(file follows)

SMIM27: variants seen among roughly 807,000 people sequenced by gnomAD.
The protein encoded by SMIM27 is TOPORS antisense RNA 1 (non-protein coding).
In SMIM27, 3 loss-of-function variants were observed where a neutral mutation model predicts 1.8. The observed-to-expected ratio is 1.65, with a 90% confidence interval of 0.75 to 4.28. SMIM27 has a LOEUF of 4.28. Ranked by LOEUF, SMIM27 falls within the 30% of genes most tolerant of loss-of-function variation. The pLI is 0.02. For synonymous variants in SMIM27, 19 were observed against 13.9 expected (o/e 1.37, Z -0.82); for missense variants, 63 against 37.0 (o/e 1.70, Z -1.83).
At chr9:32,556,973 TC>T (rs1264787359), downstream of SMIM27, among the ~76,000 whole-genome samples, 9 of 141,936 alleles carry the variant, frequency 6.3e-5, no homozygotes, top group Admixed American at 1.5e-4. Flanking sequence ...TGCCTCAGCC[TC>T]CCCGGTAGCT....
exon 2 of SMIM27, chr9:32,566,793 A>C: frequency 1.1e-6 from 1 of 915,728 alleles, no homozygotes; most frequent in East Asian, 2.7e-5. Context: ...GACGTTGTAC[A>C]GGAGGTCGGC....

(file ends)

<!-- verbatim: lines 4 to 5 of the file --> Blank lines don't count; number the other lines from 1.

At chr9:32,556,973 TC>T (rs1264787359), downstream of SMIM27, among the ~76,000 whole-genome samples, 9 of 141,936 alleles carry the variant, frequency 6.3e-5, no homozygotes, top group Admixed American at 1.5e-4. Flanking sequence ...TGCCTCAGCC[TC>T]CCCGGTAGCT....
exon 2 of SMIM27, chr9:32,566,793 A>C: frequency 1.1e-6 from 1 of 915,728 alleles, no homozygotes; most frequent in East Asian, 2.7e-5. Context: ...GACGTTGTAC[A>C]GGAGGTCGGC....